"In Turkey, a Novel Is a Public Statement"

Elif Shafak's latest novel, "The Bastard of Istanbul", has been tremendously well received in Turkey. However, Shafak is now facing a trial for "denigrating Turkishness" – because of comments made by one of her characters in the novel. Interview by Lewis Gropp

By Lewis Gropp


Elif Shafak: "The feedback I received from people of different walks, extending from leftists, minorities, Kurds, housewives, mystics, Alevis to headscarved female students has been very, very positive"

​​After having already tried to, unsuccessfully, sue Orhan Pamuk for "denigrating of Turkishness", Turkey's prominent and infamous right-wing lawyer, Kemal Kerinsciz has now filed a lawsuit against you. In how far are liberal intellectuals in Turkey networked to resist right-wing, nationalist pressure, how do they support one another?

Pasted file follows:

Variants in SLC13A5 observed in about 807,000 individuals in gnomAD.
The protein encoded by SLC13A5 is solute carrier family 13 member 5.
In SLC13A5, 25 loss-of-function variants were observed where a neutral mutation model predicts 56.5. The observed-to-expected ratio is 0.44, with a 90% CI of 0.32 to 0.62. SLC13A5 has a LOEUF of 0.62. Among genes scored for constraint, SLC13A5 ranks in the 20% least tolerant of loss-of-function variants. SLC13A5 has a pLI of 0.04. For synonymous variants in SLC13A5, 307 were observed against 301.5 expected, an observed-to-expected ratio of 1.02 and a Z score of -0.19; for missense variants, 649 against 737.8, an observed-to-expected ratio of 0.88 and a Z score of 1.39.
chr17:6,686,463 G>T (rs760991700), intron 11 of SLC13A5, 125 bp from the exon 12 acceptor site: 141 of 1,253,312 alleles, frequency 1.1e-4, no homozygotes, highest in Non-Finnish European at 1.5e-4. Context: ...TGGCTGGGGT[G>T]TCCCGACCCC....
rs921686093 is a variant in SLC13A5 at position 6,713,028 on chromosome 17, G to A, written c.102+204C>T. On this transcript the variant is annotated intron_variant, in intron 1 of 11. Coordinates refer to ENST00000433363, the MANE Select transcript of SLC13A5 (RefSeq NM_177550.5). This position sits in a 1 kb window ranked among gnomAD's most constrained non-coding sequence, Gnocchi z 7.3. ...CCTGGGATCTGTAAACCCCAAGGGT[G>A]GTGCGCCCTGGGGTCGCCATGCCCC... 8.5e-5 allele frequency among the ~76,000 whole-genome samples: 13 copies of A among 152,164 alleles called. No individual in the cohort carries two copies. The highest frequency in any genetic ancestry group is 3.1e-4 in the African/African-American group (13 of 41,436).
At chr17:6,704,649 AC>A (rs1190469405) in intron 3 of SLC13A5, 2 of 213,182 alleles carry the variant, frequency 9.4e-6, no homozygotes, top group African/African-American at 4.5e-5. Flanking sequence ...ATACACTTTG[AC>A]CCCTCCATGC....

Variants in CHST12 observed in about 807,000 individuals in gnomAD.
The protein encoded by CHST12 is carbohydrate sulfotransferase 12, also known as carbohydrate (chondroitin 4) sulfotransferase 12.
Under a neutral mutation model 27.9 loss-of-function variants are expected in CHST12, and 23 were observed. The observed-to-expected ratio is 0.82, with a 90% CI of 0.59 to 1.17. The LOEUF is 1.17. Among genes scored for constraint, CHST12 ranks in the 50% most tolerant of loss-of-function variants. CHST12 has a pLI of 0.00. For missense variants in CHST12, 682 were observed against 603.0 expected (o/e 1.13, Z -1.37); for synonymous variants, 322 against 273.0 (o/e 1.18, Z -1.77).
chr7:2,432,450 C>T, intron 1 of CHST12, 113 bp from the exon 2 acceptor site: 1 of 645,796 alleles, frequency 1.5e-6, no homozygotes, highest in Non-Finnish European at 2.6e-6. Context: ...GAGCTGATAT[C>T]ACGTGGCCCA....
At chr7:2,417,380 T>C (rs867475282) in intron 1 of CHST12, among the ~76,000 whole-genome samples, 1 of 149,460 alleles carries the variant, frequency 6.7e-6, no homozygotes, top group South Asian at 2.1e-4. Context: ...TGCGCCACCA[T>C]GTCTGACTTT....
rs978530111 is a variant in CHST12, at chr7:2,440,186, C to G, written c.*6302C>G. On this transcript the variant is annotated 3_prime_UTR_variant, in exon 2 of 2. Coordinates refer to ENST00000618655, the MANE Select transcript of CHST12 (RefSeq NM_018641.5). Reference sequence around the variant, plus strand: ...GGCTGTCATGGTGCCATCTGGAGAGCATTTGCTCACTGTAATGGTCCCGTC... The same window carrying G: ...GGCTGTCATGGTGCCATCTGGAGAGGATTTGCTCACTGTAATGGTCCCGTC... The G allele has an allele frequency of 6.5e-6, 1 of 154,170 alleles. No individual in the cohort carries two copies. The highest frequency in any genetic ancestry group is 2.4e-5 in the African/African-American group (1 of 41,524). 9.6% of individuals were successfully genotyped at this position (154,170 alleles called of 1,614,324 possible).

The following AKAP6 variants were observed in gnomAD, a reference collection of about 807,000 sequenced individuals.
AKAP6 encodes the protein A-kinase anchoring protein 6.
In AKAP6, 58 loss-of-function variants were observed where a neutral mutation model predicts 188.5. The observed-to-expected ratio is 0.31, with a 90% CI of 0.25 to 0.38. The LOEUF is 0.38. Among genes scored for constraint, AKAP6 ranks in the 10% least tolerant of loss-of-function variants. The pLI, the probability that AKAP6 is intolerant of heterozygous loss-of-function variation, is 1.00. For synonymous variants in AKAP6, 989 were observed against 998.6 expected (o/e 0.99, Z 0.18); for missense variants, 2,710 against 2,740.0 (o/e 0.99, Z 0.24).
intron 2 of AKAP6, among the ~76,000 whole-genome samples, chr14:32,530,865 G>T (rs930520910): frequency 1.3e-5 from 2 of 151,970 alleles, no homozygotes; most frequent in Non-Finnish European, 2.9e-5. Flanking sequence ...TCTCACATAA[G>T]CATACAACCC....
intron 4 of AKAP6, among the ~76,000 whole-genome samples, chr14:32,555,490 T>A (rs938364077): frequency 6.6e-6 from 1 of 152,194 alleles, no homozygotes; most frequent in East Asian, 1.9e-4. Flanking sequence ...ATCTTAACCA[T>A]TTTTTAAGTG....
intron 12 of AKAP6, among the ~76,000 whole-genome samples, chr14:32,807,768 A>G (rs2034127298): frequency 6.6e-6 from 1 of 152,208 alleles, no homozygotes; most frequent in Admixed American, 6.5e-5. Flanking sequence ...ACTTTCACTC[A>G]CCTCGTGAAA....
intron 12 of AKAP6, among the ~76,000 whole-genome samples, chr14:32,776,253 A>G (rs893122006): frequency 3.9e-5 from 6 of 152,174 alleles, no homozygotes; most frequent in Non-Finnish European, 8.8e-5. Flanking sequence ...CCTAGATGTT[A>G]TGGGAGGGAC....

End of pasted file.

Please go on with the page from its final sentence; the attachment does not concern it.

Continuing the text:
Elif Shafak: Unfortunately the liberal intellectuals are not as good at combining forces as the ultranationalists. I liken the Turkish society to a tapestry of clashing and coexisting forces. The liberal intellectuals do indeed constitute a weighty force in this context, but oftentimes they fail to work together. Unlike the state and the bureaucracy, both the media and the civil society is multilayered and composed of multiple actors. Thus, these ultranationalists do not represent the majority of Turkish society. Their number is small and yet their voices are so loud. There is an ongoing clash of opinions.

On the one hand are the ones who want Turkey to join the EU, democratize further and become an open society. These are the ones who support the reforms and question the status quo. On the other hand are the ones who want to keep Turkey as an insular, xenophobic, nationalistic, enclosed society. And precisely because things are changing in the opposite direction, the panic and backlash produced by the latter group is becoming more visible and audible.

You have stated that the Turkish language has become a battleground. Is the country in the middle of a "kulturkampf", a cultural struggle, and if so, what role is the Islamist government playing?